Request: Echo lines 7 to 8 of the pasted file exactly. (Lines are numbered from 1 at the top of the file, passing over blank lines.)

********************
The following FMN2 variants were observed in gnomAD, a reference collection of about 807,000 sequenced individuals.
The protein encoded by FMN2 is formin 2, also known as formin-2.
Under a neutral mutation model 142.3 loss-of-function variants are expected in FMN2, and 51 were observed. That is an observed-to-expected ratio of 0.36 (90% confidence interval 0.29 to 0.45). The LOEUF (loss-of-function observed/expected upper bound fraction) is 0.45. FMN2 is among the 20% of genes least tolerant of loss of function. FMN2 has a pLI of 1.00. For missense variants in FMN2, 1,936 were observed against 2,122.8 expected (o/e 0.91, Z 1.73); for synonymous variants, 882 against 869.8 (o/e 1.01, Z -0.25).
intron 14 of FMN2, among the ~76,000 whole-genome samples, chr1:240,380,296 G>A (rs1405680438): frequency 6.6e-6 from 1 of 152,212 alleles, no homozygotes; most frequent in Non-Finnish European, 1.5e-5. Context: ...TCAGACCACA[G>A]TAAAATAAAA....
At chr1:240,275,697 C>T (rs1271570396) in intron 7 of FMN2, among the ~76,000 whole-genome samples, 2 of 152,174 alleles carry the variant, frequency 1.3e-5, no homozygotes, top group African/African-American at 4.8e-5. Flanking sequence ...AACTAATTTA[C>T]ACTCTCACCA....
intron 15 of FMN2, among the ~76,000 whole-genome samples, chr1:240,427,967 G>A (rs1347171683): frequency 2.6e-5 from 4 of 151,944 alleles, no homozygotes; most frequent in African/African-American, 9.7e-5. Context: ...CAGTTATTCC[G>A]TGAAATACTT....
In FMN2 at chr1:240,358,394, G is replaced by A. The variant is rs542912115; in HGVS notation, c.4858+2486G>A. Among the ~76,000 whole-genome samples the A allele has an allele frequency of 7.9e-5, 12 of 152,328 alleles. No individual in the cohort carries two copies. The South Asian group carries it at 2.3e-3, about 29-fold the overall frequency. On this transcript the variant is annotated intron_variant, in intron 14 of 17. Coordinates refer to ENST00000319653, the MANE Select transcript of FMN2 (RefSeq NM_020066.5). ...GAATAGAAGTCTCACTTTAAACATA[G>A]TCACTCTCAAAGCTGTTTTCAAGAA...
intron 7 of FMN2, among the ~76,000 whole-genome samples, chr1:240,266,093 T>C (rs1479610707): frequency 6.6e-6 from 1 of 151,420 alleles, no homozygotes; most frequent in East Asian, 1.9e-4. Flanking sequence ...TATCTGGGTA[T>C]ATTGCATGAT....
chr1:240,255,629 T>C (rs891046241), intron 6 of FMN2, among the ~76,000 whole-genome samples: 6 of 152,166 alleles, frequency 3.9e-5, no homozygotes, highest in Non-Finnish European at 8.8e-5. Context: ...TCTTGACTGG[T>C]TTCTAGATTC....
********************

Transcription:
In FMN2 at chr1:240,358,394, G is replaced by A. The variant is rs542912115; in HGVS notation, c.4858+2486G>A. Among the ~76,000 whole-genome samples the A allele has an allele frequency of 7.9e-5, 12 of 152,328 alleles. No individual in the cohort carries two copies. The South Asian group carries it at 2.3e-3, about 29-fold the overall frequency. On this transcript the variant is annotated intron_variant, in intron 14 of 17. Coordinates refer to ENST00000319653, the MANE Select transcript of FMN2 (RefSeq NM_020066.5). ...GAATAGAAGTCTCACTTTAAACATA[G>A]TCACTCTCAAAGCTGTTTTCAAGAA...
intron 7 of FMN2, among the ~76,000 whole-genome samples, chr1:240,266,093 T>C (rs1479610707): frequency 6.6e-6 from 1 of 151,420 alleles, no homozygotes; most frequent in East Asian, 1.9e-4. Flanking sequence ...TATCTGGGTA[T>C]ATTGCATGAT....